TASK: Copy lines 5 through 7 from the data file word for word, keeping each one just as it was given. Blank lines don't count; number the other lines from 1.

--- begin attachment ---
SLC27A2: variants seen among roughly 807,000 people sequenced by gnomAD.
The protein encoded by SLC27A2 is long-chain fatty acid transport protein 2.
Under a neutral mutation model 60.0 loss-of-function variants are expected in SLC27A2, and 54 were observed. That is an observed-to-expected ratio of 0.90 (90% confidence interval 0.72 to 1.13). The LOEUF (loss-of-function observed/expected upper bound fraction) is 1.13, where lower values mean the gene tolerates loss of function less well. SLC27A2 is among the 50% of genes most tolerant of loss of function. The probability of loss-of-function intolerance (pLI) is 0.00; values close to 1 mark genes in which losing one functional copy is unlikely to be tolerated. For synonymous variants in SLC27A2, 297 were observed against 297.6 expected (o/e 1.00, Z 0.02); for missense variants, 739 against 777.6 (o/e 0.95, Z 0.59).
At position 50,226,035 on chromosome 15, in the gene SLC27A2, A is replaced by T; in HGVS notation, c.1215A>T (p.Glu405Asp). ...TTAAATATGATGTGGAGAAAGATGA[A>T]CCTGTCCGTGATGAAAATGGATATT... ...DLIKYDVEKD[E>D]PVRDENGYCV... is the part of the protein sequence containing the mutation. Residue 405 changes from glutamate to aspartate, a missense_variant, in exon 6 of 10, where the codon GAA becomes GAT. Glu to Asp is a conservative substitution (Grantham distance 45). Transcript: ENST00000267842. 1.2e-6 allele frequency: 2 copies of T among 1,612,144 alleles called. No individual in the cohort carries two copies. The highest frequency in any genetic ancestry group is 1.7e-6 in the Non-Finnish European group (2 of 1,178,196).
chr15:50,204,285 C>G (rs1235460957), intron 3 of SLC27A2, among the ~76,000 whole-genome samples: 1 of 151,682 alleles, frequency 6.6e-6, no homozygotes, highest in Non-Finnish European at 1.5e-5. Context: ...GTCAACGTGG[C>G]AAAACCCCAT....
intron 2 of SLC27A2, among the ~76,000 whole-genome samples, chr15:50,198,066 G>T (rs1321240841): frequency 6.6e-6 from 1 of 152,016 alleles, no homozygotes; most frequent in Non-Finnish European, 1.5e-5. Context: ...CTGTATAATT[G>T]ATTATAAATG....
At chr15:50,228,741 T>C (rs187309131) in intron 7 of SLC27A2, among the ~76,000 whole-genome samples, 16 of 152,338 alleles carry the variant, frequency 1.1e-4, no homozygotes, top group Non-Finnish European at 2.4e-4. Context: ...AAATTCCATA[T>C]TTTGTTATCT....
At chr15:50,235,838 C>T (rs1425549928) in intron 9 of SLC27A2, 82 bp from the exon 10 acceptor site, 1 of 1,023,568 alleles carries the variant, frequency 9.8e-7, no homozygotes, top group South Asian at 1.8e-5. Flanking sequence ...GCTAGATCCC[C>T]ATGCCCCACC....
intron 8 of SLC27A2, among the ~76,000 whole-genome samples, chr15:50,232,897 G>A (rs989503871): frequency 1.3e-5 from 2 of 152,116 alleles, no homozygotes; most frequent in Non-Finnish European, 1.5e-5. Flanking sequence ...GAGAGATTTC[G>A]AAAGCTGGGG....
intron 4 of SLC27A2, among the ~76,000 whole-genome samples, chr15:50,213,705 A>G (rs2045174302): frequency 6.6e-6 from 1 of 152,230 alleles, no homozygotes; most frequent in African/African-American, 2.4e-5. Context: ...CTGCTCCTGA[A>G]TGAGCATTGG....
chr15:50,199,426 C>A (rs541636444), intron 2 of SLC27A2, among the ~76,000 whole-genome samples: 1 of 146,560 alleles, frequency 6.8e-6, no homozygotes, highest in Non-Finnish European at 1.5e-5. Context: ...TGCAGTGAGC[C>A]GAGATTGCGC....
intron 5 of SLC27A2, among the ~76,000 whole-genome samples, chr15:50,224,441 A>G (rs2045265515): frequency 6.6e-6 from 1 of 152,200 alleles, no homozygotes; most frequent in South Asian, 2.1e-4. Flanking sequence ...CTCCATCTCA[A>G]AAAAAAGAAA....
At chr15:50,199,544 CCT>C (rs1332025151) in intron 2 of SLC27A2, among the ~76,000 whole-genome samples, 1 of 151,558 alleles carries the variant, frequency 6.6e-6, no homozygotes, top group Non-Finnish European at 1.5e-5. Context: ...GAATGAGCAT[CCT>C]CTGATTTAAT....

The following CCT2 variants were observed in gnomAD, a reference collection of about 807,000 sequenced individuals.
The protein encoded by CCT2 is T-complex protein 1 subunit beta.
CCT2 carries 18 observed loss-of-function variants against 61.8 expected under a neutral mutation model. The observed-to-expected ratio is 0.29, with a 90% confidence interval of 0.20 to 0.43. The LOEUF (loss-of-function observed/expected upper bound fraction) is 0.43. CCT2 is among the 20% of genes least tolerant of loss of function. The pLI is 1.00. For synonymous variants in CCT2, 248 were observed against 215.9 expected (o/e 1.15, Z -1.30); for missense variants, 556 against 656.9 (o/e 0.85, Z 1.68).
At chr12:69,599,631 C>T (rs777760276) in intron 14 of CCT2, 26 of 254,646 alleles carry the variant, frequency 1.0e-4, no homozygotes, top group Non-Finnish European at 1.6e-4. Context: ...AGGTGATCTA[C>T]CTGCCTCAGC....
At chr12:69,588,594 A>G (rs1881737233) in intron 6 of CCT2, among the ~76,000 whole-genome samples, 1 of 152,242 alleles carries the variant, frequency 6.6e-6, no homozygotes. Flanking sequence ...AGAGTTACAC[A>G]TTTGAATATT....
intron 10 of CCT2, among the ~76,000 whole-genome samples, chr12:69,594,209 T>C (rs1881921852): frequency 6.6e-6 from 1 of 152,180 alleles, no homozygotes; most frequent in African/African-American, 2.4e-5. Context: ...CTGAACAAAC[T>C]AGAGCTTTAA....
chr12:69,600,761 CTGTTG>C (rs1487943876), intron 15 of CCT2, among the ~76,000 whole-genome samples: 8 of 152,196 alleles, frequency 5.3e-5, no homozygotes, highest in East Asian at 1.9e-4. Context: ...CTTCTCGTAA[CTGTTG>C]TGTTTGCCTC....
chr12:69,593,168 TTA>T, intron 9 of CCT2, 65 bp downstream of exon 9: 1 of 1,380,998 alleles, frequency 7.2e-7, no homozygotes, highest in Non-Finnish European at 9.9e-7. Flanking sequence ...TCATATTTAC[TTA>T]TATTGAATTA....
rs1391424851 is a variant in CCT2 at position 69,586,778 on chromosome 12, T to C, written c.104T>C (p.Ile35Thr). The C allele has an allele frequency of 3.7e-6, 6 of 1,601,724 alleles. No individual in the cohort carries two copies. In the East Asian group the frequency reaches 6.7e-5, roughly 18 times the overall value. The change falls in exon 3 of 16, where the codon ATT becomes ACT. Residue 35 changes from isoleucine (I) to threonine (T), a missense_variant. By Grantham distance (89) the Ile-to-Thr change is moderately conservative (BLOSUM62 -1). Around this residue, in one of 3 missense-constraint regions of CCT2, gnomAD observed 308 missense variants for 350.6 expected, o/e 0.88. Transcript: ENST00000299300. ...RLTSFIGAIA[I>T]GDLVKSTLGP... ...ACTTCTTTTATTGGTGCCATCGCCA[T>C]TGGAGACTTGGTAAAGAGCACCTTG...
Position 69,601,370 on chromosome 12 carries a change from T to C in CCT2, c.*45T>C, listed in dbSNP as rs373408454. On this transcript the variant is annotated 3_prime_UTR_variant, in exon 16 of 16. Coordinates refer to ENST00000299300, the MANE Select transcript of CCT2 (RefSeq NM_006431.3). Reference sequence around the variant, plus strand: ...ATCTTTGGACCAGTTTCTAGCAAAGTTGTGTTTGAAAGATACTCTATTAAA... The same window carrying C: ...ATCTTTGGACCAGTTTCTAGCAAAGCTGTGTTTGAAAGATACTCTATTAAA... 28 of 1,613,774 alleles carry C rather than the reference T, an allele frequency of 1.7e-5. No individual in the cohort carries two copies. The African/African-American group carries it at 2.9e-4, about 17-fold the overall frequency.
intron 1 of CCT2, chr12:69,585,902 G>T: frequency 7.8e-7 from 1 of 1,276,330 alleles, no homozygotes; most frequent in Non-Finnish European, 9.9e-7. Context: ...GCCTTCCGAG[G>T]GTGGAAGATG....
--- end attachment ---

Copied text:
chr15:50,204,285 C>G (rs1235460957), intron 3 of SLC27A2, among the ~76,000 whole-genome samples: 1 of 151,682 alleles, frequency 6.6e-6, no homozygotes, highest in Non-Finnish European at 1.5e-5. Context: ...GTCAACGTGG[C>G]AAAACCCCAT....
intron 2 of SLC27A2, among the ~76,000 whole-genome samples, chr15:50,198,066 G>T (rs1321240841): frequency 6.6e-6 from 1 of 152,016 alleles, no homozygotes; most frequent in Non-Finnish European, 1.5e-5. Context: ...CTGTATAATT[G>T]ATTATAAATG....
At chr15:50,228,741 T>C (rs187309131) in intron 7 of SLC27A2, among the ~76,000 whole-genome samples, 16 of 152,338 alleles carry the variant, frequency 1.1e-4, no homozygotes, top group Non-Finnish European at 2.4e-4. Context: ...AAATTCCATA[T>C]TTTGTTATCT....